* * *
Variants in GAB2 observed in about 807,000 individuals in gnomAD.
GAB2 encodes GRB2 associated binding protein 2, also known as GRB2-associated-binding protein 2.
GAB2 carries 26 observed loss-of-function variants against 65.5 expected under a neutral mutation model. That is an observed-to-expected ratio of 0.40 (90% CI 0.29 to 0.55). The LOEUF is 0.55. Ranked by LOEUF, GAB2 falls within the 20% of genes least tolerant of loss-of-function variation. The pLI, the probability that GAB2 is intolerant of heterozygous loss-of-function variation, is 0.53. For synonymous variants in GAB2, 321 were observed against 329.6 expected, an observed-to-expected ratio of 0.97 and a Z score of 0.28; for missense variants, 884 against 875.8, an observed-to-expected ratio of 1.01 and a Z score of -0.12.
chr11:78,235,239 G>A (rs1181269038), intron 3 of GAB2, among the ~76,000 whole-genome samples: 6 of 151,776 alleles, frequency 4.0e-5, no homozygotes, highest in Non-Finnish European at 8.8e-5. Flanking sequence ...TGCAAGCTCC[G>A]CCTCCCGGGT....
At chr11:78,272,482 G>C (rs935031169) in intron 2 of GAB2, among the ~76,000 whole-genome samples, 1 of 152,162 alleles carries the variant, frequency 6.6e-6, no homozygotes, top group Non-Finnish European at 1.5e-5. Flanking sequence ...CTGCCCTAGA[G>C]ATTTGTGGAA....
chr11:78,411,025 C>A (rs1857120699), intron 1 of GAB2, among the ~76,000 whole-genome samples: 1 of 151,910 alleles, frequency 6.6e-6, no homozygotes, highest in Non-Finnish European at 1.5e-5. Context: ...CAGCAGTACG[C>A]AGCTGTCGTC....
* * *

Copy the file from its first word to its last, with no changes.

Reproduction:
Variants in GAB2 observed in about 807,000 individuals in gnomAD.
GAB2 encodes GRB2 associated binding protein 2, also known as GRB2-associated-binding protein 2.
GAB2 carries 26 observed loss-of-function variants against 65.5 expected under a neutral mutation model. That is an observed-to-expected ratio of 0.40 (90% CI 0.29 to 0.55). The LOEUF is 0.55. Ranked by LOEUF, GAB2 falls within the 20% of genes least tolerant of loss-of-function variation. The pLI, the probability that GAB2 is intolerant of heterozygous loss-of-function variation, is 0.53. For synonymous variants in GAB2, 321 were observed against 329.6 expected, an observed-to-expected ratio of 0.97 and a Z score of 0.28; for missense variants, 884 against 875.8, an observed-to-expected ratio of 1.01 and a Z score of -0.12.
chr11:78,235,239 G>A (rs1181269038), intron 3 of GAB2, among the ~76,000 whole-genome samples: 6 of 151,776 alleles, frequency 4.0e-5, no homozygotes, highest in Non-Finnish European at 8.8e-5. Flanking sequence ...TGCAAGCTCC[G>A]CCTCCCGGGT....
At chr11:78,272,482 G>C (rs935031169) in intron 2 of GAB2, among the ~76,000 whole-genome samples, 1 of 152,162 alleles carries the variant, frequency 6.6e-6, no homozygotes, top group Non-Finnish European at 1.5e-5. Flanking sequence ...CTGCCCTAGA[G>C]ATTTGTGGAA....
chr11:78,411,025 C>A (rs1857120699), intron 1 of GAB2, among the ~76,000 whole-genome samples: 1 of 151,910 alleles, frequency 6.6e-6, no homozygotes, highest in Non-Finnish European at 1.5e-5. Context: ...CAGCAGTACG[C>A]AGCTGTCGTC....